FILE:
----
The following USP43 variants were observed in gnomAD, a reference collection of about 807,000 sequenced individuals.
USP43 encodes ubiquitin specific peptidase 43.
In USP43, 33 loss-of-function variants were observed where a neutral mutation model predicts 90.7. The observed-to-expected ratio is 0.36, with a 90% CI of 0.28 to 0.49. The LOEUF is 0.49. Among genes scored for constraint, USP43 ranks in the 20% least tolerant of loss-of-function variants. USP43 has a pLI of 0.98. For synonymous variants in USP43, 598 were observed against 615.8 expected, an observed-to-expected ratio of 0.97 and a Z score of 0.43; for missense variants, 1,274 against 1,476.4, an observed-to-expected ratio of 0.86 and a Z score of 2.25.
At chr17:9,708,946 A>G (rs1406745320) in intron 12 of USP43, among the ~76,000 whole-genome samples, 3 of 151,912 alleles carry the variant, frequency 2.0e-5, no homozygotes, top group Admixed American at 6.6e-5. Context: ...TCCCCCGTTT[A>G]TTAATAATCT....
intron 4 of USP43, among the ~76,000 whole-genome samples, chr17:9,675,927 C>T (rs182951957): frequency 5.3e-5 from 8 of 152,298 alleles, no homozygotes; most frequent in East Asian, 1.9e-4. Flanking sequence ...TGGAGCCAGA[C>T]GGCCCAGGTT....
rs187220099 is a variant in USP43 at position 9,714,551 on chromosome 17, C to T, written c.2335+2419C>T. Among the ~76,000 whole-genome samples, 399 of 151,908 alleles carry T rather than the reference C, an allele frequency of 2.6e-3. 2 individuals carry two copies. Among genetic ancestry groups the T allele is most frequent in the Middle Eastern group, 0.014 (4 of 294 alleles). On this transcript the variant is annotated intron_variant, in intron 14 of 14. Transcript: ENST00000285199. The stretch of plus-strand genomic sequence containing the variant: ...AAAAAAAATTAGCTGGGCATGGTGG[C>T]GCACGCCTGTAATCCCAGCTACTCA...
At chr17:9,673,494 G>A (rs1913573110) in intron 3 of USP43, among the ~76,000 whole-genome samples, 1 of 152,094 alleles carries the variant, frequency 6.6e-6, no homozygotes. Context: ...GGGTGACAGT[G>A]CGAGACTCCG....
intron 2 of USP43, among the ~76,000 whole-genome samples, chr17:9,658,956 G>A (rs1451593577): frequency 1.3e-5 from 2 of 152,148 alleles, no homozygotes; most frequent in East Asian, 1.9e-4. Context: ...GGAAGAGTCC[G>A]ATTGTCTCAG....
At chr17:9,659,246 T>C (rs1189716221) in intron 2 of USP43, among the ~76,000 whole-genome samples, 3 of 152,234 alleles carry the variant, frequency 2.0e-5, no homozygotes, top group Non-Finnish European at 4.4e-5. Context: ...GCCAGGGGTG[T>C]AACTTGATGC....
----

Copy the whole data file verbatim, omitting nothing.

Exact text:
The following USP43 variants were observed in gnomAD, a reference collection of about 807,000 sequenced individuals.
USP43 encodes ubiquitin specific peptidase 43.
In USP43, 33 loss-of-function variants were observed where a neutral mutation model predicts 90.7. The observed-to-expected ratio is 0.36, with a 90% CI of 0.28 to 0.49. The LOEUF is 0.49. Among genes scored for constraint, USP43 ranks in the 20% least tolerant of loss-of-function variants. USP43 has a pLI of 0.98. For synonymous variants in USP43, 598 were observed against 615.8 expected, an observed-to-expected ratio of 0.97 and a Z score of 0.43; for missense variants, 1,274 against 1,476.4, an observed-to-expected ratio of 0.86 and a Z score of 2.25.
At chr17:9,708,946 A>G (rs1406745320) in intron 12 of USP43, among the ~76,000 whole-genome samples, 3 of 151,912 alleles carry the variant, frequency 2.0e-5, no homozygotes, top group Admixed American at 6.6e-5. Context: ...TCCCCCGTTT[A>G]TTAATAATCT....
intron 4 of USP43, among the ~76,000 whole-genome samples, chr17:9,675,927 C>T (rs182951957): frequency 5.3e-5 from 8 of 152,298 alleles, no homozygotes; most frequent in East Asian, 1.9e-4. Flanking sequence ...TGGAGCCAGA[C>T]GGCCCAGGTT....
rs187220099 is a variant in USP43 at position 9,714,551 on chromosome 17, C to T, written c.2335+2419C>T. Among the ~76,000 whole-genome samples, 399 of 151,908 alleles carry T rather than the reference C, an allele frequency of 2.6e-3. 2 individuals carry two copies. Among genetic ancestry groups the T allele is most frequent in the Middle Eastern group, 0.014 (4 of 294 alleles). On this transcript the variant is annotated intron_variant, in intron 14 of 14. Transcript: ENST00000285199. The stretch of plus-strand genomic sequence containing the variant: ...AAAAAAAATTAGCTGGGCATGGTGG[C>T]GCACGCCTGTAATCCCAGCTACTCA...
At chr17:9,673,494 G>A (rs1913573110) in intron 3 of USP43, among the ~76,000 whole-genome samples, 1 of 152,094 alleles carries the variant, frequency 6.6e-6, no homozygotes. Context: ...GGGTGACAGT[G>A]CGAGACTCCG....
intron 2 of USP43, among the ~76,000 whole-genome samples, chr17:9,658,956 G>A (rs1451593577): frequency 1.3e-5 from 2 of 152,148 alleles, no homozygotes; most frequent in East Asian, 1.9e-4. Context: ...GGAAGAGTCC[G>A]ATTGTCTCAG....
At chr17:9,659,246 T>C (rs1189716221) in intron 2 of USP43, among the ~76,000 whole-genome samples, 3 of 152,234 alleles carry the variant, frequency 2.0e-5, no homozygotes, top group Non-Finnish European at 4.4e-5. Context: ...GCCAGGGGTG[T>C]AACTTGATGC....